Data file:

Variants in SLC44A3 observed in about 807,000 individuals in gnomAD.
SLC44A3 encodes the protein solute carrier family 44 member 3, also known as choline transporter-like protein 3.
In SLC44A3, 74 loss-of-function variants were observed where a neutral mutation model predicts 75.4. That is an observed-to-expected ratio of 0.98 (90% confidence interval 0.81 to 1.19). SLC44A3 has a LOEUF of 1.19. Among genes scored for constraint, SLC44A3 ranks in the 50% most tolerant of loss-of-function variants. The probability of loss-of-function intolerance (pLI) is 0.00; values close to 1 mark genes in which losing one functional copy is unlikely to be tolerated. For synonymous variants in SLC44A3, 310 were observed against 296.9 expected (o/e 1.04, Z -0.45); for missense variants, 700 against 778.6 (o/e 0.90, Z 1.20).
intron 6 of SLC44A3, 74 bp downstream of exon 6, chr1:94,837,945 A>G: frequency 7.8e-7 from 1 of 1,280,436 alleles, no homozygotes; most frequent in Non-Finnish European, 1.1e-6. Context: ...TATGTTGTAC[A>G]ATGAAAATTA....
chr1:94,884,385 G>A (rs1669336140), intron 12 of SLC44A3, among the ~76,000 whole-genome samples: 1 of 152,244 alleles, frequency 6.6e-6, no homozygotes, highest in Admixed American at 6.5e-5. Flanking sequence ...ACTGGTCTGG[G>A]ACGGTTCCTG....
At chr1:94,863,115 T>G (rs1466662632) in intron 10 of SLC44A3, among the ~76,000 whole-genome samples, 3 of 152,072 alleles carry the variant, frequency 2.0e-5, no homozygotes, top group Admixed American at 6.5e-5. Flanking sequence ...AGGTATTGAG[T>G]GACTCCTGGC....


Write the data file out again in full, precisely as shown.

Variants in SLC44A3 observed in about 807,000 individuals in gnomAD.
SLC44A3 encodes the protein solute carrier family 44 member 3, also known as choline transporter-like protein 3.
In SLC44A3, 74 loss-of-function variants were observed where a neutral mutation model predicts 75.4. That is an observed-to-expected ratio of 0.98 (90% confidence interval 0.81 to 1.19). SLC44A3 has a LOEUF of 1.19. Among genes scored for constraint, SLC44A3 ranks in the 50% most tolerant of loss-of-function variants. The probability of loss-of-function intolerance (pLI) is 0.00; values close to 1 mark genes in which losing one functional copy is unlikely to be tolerated. For synonymous variants in SLC44A3, 310 were observed against 296.9 expected (o/e 1.04, Z -0.45); for missense variants, 700 against 778.6 (o/e 0.90, Z 1.20).
intron 6 of SLC44A3, 74 bp downstream of exon 6, chr1:94,837,945 A>G: frequency 7.8e-7 from 1 of 1,280,436 alleles, no homozygotes; most frequent in Non-Finnish European, 1.1e-6. Context: ...TATGTTGTAC[A>G]ATGAAAATTA....
chr1:94,884,385 G>A (rs1669336140), intron 12 of SLC44A3, among the ~76,000 whole-genome samples: 1 of 152,244 alleles, frequency 6.6e-6, no homozygotes, highest in Admixed American at 6.5e-5. Flanking sequence ...ACTGGTCTGG[G>A]ACGGTTCCTG....
At chr1:94,863,115 T>G (rs1466662632) in intron 10 of SLC44A3, among the ~76,000 whole-genome samples, 3 of 152,072 alleles carry the variant, frequency 2.0e-5, no homozygotes, top group Admixed American at 6.5e-5. Flanking sequence ...AGGTATTGAG[T>G]GACTCCTGGC....